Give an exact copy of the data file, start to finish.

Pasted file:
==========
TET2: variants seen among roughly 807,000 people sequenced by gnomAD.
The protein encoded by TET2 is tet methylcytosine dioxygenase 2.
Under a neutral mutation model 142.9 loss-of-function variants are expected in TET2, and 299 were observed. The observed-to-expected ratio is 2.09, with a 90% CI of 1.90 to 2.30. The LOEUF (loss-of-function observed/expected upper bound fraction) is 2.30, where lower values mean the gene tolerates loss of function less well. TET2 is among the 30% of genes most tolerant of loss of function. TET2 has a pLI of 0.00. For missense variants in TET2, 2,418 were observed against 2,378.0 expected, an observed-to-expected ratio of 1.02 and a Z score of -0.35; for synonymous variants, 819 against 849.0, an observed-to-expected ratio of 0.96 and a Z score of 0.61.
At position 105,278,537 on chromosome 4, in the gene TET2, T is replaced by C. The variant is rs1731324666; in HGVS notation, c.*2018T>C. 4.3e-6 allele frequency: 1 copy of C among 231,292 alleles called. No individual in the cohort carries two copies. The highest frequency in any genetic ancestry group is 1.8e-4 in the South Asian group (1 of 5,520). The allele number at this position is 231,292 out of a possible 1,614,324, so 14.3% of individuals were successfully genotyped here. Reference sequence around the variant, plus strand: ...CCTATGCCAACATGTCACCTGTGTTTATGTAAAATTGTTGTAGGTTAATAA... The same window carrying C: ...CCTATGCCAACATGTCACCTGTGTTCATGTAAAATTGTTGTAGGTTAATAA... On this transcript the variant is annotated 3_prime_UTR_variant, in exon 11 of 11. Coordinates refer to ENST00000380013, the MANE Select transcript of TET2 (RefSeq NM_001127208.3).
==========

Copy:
TET2: variants seen among roughly 807,000 people sequenced by gnomAD.
The protein encoded by TET2 is tet methylcytosine dioxygenase 2.
Under a neutral mutation model 142.9 loss-of-function variants are expected in TET2, and 299 were observed. The observed-to-expected ratio is 2.09, with a 90% CI of 1.90 to 2.30. The LOEUF (loss-of-function observed/expected upper bound fraction) is 2.30, where lower values mean the gene tolerates loss of function less well. TET2 is among the 30% of genes most tolerant of loss of function. TET2 has a pLI of 0.00. For missense variants in TET2, 2,418 were observed against 2,378.0 expected, an observed-to-expected ratio of 1.02 and a Z score of -0.35; for synonymous variants, 819 against 849.0, an observed-to-expected ratio of 0.96 and a Z score of 0.61.
At position 105,278,537 on chromosome 4, in the gene TET2, T is replaced by C. The variant is rs1731324666; in HGVS notation, c.*2018T>C. 4.3e-6 allele frequency: 1 copy of C among 231,292 alleles called. No individual in the cohort carries two copies. The highest frequency in any genetic ancestry group is 1.8e-4 in the South Asian group (1 of 5,520). The allele number at this position is 231,292 out of a possible 1,614,324, so 14.3% of individuals were successfully genotyped here. Reference sequence around the variant, plus strand: ...CCTATGCCAACATGTCACCTGTGTTTATGTAAAATTGTTGTAGGTTAATAA... The same window carrying C: ...CCTATGCCAACATGTCACCTGTGTTCATGTAAAATTGTTGTAGGTTAATAA... On this transcript the variant is annotated 3_prime_UTR_variant, in exon 11 of 11. Coordinates refer to ENST00000380013, the MANE Select transcript of TET2 (RefSeq NM_001127208.3).